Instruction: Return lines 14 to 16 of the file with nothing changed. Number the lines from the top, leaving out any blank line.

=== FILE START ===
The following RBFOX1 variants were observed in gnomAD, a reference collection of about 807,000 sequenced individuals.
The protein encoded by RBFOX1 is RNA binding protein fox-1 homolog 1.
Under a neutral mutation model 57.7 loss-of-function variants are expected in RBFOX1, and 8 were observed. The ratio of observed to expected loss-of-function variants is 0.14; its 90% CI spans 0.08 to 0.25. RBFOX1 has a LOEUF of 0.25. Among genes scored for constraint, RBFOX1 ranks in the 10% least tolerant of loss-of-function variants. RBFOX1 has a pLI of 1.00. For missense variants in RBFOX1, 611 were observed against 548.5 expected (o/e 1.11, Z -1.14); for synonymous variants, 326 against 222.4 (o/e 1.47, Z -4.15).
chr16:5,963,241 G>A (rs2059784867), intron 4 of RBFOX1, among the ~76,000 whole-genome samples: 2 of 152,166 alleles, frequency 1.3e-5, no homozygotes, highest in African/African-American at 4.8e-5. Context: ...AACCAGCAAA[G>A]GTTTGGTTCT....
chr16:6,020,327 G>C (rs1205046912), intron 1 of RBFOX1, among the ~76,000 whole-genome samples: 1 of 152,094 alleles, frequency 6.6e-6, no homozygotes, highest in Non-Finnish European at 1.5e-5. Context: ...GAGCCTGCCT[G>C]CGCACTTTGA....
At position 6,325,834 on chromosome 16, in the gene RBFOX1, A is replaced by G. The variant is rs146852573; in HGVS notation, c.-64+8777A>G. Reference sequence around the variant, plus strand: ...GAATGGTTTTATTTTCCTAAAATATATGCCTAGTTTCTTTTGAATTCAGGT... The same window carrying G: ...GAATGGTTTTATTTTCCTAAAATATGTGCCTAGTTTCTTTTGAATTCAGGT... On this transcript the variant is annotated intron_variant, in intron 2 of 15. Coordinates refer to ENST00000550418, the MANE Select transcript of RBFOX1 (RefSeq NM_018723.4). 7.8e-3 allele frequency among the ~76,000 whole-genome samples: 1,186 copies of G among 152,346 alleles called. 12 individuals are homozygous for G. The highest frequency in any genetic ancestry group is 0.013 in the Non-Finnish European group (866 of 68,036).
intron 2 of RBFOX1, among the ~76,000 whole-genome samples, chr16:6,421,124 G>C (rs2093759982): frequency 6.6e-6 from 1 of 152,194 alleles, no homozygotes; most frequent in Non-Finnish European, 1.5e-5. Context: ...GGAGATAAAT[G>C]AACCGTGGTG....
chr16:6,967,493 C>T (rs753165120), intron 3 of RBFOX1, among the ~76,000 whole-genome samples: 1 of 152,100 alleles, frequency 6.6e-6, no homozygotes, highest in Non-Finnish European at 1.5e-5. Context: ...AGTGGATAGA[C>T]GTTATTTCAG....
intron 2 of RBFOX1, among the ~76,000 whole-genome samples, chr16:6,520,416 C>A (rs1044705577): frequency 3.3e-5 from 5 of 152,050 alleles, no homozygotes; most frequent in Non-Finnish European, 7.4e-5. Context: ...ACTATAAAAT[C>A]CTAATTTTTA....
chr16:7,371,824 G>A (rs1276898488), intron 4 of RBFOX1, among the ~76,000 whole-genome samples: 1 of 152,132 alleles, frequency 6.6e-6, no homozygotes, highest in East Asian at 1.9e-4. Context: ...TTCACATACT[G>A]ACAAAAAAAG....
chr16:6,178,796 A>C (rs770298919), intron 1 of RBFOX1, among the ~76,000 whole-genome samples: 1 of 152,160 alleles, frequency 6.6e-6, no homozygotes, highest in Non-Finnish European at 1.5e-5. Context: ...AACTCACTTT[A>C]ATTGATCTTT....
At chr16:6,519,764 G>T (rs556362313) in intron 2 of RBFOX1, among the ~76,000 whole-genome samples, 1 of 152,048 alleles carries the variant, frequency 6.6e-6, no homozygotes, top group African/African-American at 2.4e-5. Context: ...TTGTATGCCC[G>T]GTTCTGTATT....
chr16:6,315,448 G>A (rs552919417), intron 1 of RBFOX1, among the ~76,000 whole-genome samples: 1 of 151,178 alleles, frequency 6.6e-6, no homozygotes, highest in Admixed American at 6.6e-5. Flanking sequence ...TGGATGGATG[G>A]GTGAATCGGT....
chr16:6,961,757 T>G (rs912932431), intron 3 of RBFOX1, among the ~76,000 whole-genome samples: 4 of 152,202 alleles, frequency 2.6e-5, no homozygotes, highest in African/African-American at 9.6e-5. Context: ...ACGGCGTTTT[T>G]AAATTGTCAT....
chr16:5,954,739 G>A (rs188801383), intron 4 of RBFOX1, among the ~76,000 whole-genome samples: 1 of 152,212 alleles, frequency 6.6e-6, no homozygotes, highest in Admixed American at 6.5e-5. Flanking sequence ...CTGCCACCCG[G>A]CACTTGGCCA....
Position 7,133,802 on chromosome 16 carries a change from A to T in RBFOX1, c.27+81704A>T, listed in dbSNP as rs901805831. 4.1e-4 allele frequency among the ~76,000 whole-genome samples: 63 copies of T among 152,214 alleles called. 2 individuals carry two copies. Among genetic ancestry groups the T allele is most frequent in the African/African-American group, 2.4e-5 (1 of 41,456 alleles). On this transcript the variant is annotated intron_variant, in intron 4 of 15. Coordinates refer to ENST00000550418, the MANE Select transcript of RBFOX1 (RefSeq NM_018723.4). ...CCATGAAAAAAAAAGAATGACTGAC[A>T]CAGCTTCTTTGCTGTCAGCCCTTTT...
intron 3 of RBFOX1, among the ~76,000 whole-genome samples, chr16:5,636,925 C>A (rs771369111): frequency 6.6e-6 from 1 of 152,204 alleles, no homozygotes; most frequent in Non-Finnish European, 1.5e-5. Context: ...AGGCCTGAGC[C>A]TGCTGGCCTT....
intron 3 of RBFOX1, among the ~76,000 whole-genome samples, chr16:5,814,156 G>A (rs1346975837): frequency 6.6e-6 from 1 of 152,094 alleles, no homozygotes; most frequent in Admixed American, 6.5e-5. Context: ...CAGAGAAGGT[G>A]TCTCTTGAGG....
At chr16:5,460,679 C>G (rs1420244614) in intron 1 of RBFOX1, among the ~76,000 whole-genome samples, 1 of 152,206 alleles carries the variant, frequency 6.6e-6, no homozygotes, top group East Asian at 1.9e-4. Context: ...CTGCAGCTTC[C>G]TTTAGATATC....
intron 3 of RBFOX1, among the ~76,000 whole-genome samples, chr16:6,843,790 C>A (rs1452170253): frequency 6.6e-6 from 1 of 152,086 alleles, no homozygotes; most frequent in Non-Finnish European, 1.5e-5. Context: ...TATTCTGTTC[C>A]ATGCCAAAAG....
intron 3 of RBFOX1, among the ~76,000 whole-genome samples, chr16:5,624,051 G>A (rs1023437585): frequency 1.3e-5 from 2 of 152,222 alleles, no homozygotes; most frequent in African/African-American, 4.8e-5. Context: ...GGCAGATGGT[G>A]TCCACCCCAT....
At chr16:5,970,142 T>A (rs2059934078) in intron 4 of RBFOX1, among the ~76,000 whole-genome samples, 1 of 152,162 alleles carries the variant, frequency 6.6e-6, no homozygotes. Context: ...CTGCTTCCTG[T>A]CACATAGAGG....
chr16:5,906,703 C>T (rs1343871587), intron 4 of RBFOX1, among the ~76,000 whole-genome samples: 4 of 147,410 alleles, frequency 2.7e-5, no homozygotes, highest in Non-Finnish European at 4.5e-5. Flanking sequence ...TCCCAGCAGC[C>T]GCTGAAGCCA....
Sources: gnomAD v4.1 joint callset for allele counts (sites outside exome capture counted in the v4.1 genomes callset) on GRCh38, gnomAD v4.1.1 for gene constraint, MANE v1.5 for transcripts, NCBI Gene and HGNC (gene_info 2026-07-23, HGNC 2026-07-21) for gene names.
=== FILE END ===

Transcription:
chr16:6,961,757 T>G (rs912932431), intron 3 of RBFOX1, among the ~76,000 whole-genome samples: 4 of 152,202 alleles, frequency 2.6e-5, no homozygotes, highest in African/African-American at 9.6e-5. Context: ...ACGGCGTTTT[T>G]AAATTGTCAT....
chr16:5,954,739 G>A (rs188801383), intron 4 of RBFOX1, among the ~76,000 whole-genome samples: 1 of 152,212 alleles, frequency 6.6e-6, no homozygotes, highest in Admixed American at 6.5e-5. Flanking sequence ...CTGCCACCCG[G>A]CACTTGGCCA....
Position 7,133,802 on chromosome 16 carries a change from A to T in RBFOX1, c.27+81704A>T, listed in dbSNP as rs901805831. 4.1e-4 allele frequency among the ~76,000 whole-genome samples: 63 copies of T among 152,214 alleles called. 2 individuals carry two copies. Among genetic ancestry groups the T allele is most frequent in the African/African-American group, 2.4e-5 (1 of 41,456 alleles). On this transcript the variant is annotated intron_variant, in intron 4 of 15. Coordinates refer to ENST00000550418, the MANE Select transcript of RBFOX1 (RefSeq NM_018723.4). ...CCATGAAAAAAAAAGAATGACTGAC[A>T]CAGCTTCTTTGCTGTCAGCCCTTTT...